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April 24, 2014 / 24 Nisan, 5774
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Daf Yomi


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Remember The Sabbath Day…
Shiluach HaKen Applies In Temple Times And After’
(Chullin 138)

 

The Torah (Devarim 22:6) states that one who finds a bird’s nest with chicks or eggs on the road or in a tree may not take the mother bird while she is on her young. One must send away the mother bird and only then take the young. This is referred to as the mitzvah of Shiluach HaKen.

The Mishnah on our daf says that this mitzvah applies both during the times of the Beis HaMikdash and after. The Gemara comments that this is a superfluous statement because there is no reason to assume that the mitzvah would  apply only when there is a Beis HaMikdash extant.

 

A Query To The Chasam Sofer

The following question was asked of the Chasam Sofer (Responsa Orach Chayyim 100): If someone happens upon a nest on Shabbos, is he required to perform the mitzvah of Shiluach HaKen or not?

Vehabanim Tikach Lach

In answer to this query, the Chasam Sofer first goes into a lengthy analysis of the mitzvah in which he cites the Chacham Tzvi, among others, who is of the opinion that one is only required to send away the mother bird but is not required to take the chicks. In his view, the Torah merely stated the word’s “vehabanim tikach lach – and the children take for you” as a segula – that in the merit of this mitzvahone will be blessed with children.

Evoking Compassion

The Chasam Sofer also cites the Zohar (Tikunei Zohar, Tikuna 6, as cited by Responsa Chavos Yair, siman 67), which offers the following kabbalistic reason for the performance of this mitzvah. When one sends the mother bird away and then takes her young, one evokes feelings of compassion in the mother who by nature takes pity on her young. The mother bird’s merciful cry arouses Hashem’s compassion for His “young,” Bnei Yisrael, and causes Him to take pity on us.

However, according to Zohar, one is prohibited from performing this mitzvah on Shabbos because beseeching Hashem for mercy is prohibited on Shabbos.

 

Nigleh Or Nistar

The Chasam Sofer points out that our Gemara apparently differs with the Zohar. The Gemara had argued that the statement that the mitzvah of Shiluach HaKen applies whether the Beis HaMikdash is extant or not is self-evident and therefore superfluous. But it is hardly superfluous according to the Zohar. One may have thought that the mitzvah only applies during our exile when we are in special need of Hashem’s mercy for our redemption. Thus, we need the Gemara to tell us that this reasoning is false – that we need Hashem’s mercy even during the era of the Beis HaMikdash. Our Gemara, however, does find the Mishnah’s statement to be superfluous. Thus, we see that the Zohar’s reasoning is not accepted by the Talmud, and the Chasam Sofer notes that whenever there is a dispute between nigleh and nistar (i.e., the Talmud and Kabalah) we follow nigleh.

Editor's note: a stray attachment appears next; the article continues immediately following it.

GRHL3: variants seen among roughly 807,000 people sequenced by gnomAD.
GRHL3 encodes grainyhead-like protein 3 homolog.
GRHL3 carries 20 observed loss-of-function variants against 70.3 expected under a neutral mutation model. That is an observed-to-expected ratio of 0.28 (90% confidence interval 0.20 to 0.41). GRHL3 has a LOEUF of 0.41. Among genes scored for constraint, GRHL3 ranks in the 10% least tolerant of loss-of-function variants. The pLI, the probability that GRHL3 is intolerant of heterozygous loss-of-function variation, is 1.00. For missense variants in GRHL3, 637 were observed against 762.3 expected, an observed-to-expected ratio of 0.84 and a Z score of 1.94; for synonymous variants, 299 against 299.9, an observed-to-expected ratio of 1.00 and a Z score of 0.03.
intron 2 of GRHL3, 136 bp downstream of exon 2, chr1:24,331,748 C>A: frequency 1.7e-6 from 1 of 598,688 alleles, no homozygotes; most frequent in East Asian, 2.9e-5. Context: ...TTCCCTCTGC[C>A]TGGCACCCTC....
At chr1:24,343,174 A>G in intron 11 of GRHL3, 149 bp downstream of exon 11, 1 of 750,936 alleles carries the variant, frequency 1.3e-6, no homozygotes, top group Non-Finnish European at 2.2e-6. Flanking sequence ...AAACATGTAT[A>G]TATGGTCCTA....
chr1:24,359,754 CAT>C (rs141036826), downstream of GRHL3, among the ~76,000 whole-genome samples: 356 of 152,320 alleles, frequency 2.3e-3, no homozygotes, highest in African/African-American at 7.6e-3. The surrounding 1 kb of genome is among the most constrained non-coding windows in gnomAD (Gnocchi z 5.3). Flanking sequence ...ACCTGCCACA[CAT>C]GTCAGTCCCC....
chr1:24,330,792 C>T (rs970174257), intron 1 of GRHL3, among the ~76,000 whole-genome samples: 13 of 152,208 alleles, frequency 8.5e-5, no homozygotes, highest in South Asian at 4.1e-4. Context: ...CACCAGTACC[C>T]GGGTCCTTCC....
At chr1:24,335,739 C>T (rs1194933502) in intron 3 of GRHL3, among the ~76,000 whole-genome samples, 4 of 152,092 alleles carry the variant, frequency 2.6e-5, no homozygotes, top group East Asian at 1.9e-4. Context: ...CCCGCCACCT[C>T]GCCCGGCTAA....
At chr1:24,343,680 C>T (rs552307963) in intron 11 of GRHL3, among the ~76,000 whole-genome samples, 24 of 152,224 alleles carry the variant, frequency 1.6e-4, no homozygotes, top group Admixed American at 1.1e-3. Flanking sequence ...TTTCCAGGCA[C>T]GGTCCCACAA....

Tzeidah Or Muktzeh

The Chasam Sofer, however, offers another reason to prohibit performing the mitzvah on Shabbos. According to the Rambam (Hilchos Shechitah 13:5) the mitzvah entails grabbing the bird’s wing with one’s hand and causing it to fly away. Thus, according to the Rambam, sending away the bird on Shabbos is prohibited since one would violate the melachah of trapping – tzeidah. Even if one does not “trap” the bird, sending it away is still prohibited because the bird is muktzeh and the mitzvah of Shiluach HaKen does not override the prohibition of muktzeh.  

 

This week’s Daf Yomi Highlights is based upon Al Hadaf, published by Cong. Al Hadaf, 17N Rigaud Rd., Spring Valley, NY 10977-2533. Al Hadaf, published semi-monthly, is available by subscription: U.S. $40 per year; Canada $54 per year; overseas $65 per year. For dedication information contact Rabbi Zev Dickstein, editor, at 845-356-9114 or visit alhadafyomi.org.

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About the Author: RABBI YAAKOV KLASS, rav of Congregation K’hal Bnei Matisyahu in Flatbush, Brooklyn, is Torah Editor of The Jewish Press. He can be contacted at yklass@jewishpress.com. RABBI GERSHON TANNENBAUM, rav of Congregation Bnai Israel of Linden Heights, Boro Park, Brooklyn, is the Director of Igud HaRabbanim – The Rabbinical Alliance of America.


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